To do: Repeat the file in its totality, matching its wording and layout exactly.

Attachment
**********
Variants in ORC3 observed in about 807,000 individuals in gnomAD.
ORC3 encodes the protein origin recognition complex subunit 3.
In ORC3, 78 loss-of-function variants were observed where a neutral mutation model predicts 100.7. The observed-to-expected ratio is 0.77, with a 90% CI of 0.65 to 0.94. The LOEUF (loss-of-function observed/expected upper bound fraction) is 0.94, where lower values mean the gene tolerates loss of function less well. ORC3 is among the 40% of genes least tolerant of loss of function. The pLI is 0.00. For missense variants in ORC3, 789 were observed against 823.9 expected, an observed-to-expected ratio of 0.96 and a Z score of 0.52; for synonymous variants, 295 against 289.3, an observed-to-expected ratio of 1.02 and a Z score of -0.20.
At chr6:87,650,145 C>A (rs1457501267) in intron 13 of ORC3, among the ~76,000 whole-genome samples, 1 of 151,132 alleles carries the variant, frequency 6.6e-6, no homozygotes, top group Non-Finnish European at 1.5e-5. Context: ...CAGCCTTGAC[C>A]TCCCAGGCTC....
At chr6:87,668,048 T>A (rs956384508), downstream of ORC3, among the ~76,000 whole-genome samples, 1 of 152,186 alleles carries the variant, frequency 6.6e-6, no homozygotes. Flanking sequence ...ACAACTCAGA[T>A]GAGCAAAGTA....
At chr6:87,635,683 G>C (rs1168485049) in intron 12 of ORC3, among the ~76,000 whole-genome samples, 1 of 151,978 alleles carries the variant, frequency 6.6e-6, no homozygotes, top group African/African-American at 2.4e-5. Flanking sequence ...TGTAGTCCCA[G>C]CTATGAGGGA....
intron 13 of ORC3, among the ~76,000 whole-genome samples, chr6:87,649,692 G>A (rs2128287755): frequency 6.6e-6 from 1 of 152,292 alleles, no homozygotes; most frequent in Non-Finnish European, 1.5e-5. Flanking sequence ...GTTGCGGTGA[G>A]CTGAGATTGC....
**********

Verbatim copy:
Variants in ORC3 observed in about 807,000 individuals in gnomAD.
ORC3 encodes the protein origin recognition complex subunit 3.
In ORC3, 78 loss-of-function variants were observed where a neutral mutation model predicts 100.7. The observed-to-expected ratio is 0.77, with a 90% CI of 0.65 to 0.94. The LOEUF (loss-of-function observed/expected upper bound fraction) is 0.94, where lower values mean the gene tolerates loss of function less well. ORC3 is among the 40% of genes least tolerant of loss of function. The pLI is 0.00. For missense variants in ORC3, 789 were observed against 823.9 expected, an observed-to-expected ratio of 0.96 and a Z score of 0.52; for synonymous variants, 295 against 289.3, an observed-to-expected ratio of 1.02 and a Z score of -0.20.
At chr6:87,650,145 C>A (rs1457501267) in intron 13 of ORC3, among the ~76,000 whole-genome samples, 1 of 151,132 alleles carries the variant, frequency 6.6e-6, no homozygotes, top group Non-Finnish European at 1.5e-5. Context: ...CAGCCTTGAC[C>A]TCCCAGGCTC....
At chr6:87,668,048 T>A (rs956384508), downstream of ORC3, among the ~76,000 whole-genome samples, 1 of 152,186 alleles carries the variant, frequency 6.6e-6, no homozygotes. Flanking sequence ...ACAACTCAGA[T>A]GAGCAAAGTA....
At chr6:87,635,683 G>C (rs1168485049) in intron 12 of ORC3, among the ~76,000 whole-genome samples, 1 of 151,978 alleles carries the variant, frequency 6.6e-6, no homozygotes, top group African/African-American at 2.4e-5. Flanking sequence ...TGTAGTCCCA[G>C]CTATGAGGGA....
intron 13 of ORC3, among the ~76,000 whole-genome samples, chr6:87,649,692 G>A (rs2128287755): frequency 6.6e-6 from 1 of 152,292 alleles, no homozygotes; most frequent in Non-Finnish European, 1.5e-5. Flanking sequence ...GTTGCGGTGA[G>A]CTGAGATTGC....